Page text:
If I had to give a definition of happiness, it would be this: happiness needs nothing but itself; it doesn’t have to be validated. “Happy families are all alike; every unhappy family is happy in its own way” is the opening sentence of Tolstoy’s Anna Karenina. All I could hope to add to that is that unhappy families – and within those families, in particular the unhappy husband and wife – can never get by on their own. The more validators, the merrier. Unhappiness loves company. Unhappiness can’t stand silence – especially not the uneasy silence that settles in when it is all alone. – from The Dinner, page 6 –
Paul and his wife Claire go out one night to meet another couple for dinner. But this is not just any dinner. The other couple is Paul’s brother, Serge, and his wife Babette…and the purpose of the meal is to discuss their sons and a terrible act of violence. As the courses are served, the tension mounts until, eventually, the conversation moves from polite to one of confrontation. How far would a parent go to protect their child? Is happiness, fame, or reputation ever a reason to cross a moral line? The Dinner begins benignly and ends with a bang.
Serge is an up and coming politician whose notoriety opens doors for him. He and Babette live a wealthy and privileged life which is now at risk. Paul, on the other hand, is decidedly “off.” And it is Paul who narrates the story, teasing the reader with buried “facts,” and offering tiny bits of information which reveal a darkness in not only his heart, but Claire’s as well. The violent act is gradually revealed as the narration moves back and forth from the dinner scene to events which have recently occurred.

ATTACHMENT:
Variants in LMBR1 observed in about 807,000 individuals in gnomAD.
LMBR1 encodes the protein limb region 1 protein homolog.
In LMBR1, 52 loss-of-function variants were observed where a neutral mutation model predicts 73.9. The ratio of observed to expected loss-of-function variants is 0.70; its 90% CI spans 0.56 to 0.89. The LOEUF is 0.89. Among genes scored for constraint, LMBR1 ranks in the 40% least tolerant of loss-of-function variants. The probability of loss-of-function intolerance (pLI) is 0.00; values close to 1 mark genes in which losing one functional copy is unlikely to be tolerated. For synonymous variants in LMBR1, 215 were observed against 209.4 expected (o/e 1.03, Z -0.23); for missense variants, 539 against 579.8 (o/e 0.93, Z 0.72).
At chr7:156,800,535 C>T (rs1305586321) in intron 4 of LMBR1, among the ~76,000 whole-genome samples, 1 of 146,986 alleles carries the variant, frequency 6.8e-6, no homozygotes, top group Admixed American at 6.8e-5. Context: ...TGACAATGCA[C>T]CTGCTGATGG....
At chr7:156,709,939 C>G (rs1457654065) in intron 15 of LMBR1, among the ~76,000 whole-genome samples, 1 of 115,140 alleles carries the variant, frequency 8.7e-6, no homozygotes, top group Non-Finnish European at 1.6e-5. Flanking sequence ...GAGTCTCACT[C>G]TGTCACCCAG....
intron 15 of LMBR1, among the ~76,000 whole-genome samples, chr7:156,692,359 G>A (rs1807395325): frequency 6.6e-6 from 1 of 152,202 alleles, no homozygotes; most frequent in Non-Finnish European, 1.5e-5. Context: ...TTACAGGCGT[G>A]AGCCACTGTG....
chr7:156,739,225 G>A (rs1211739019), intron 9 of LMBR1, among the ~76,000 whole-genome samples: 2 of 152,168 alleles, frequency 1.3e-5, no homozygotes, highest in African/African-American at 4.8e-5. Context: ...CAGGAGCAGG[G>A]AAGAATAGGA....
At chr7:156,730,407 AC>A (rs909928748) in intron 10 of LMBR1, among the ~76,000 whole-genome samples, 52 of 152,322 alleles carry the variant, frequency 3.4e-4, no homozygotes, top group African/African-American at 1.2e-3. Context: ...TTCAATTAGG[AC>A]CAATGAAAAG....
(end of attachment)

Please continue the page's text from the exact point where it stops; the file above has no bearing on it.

The Dinner is dark, sardonic, and skillfully written. Paul is a memorable, unreliable narrator who becomes creepier as the novel progresses. Thematically, the story explores family dysfunction, mental illness (is it genetic or environmentally triggered?), the gray line between amoral and moral behaviors, the disenfranchised and attitudes toward them, and personal responsibility. Herman Koch, who is the award winning author of seven novels and three short story collections, crafts a sharply observed tale of two interconnected families who are faced with a terrible decision.
I had a mixed reaction to this book. On the one hand, the writing is brilliant, the story compelling. On the other hand, the characters were highly unlikable. I don’t need to love the characters in a book to love a book, but by the time I finished reading The Dinner, I felt like I needed a bath to wash away the ugliness embedded within these families. Despite my aversion to the characters, my dislike of who they had become, I could not put this book down. I kept returning to its pages wanting to see how it would all end. Some readers in my Bookies Too Yahoo group found the plot a bit unbelievable. I disagreed, but I was left with some questions about what exactly was wrong with Paul. I can’t say more without spoiling the book for others.
Readers who have read and enjoyed Shadow Tag by Louise Erdrich (read my review) or Gone Girl by Gillian Flynn (read my review) will be drawn to The Dinner – a literary, psychological thriller full of dark secrets and dysfunctional husband-wife relationships. It is for those readers I can recommend Koch’s international best-seller.